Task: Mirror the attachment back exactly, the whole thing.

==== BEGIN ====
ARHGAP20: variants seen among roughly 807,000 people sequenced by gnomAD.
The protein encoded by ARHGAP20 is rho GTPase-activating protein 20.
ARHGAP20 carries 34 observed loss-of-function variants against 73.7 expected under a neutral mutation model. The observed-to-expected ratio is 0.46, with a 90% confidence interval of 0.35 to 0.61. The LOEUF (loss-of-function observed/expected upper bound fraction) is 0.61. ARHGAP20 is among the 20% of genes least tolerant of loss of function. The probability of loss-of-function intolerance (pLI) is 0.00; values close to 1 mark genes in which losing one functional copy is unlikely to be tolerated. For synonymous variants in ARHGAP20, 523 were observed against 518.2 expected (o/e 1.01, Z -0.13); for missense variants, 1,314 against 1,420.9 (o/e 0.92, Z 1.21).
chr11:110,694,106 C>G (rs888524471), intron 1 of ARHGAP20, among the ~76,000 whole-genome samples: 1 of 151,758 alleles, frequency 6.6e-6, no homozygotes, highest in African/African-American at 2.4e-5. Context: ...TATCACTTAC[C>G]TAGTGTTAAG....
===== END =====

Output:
ARHGAP20: variants seen among roughly 807,000 people sequenced by gnomAD.
The protein encoded by ARHGAP20 is rho GTPase-activating protein 20.
ARHGAP20 carries 34 observed loss-of-function variants against 73.7 expected under a neutral mutation model. The observed-to-expected ratio is 0.46, with a 90% confidence interval of 0.35 to 0.61. The LOEUF (loss-of-function observed/expected upper bound fraction) is 0.61. ARHGAP20 is among the 20% of genes least tolerant of loss of function. The probability of loss-of-function intolerance (pLI) is 0.00; values close to 1 mark genes in which losing one functional copy is unlikely to be tolerated. For synonymous variants in ARHGAP20, 523 were observed against 518.2 expected (o/e 1.01, Z -0.13); for missense variants, 1,314 against 1,420.9 (o/e 0.92, Z 1.21).
chr11:110,694,106 C>G (rs888524471), intron 1 of ARHGAP20, among the ~76,000 whole-genome samples: 1 of 151,758 alleles, frequency 6.6e-6, no homozygotes, highest in African/African-American at 2.4e-5. Context: ...TATCACTTAC[C>G]TAGTGTTAAG....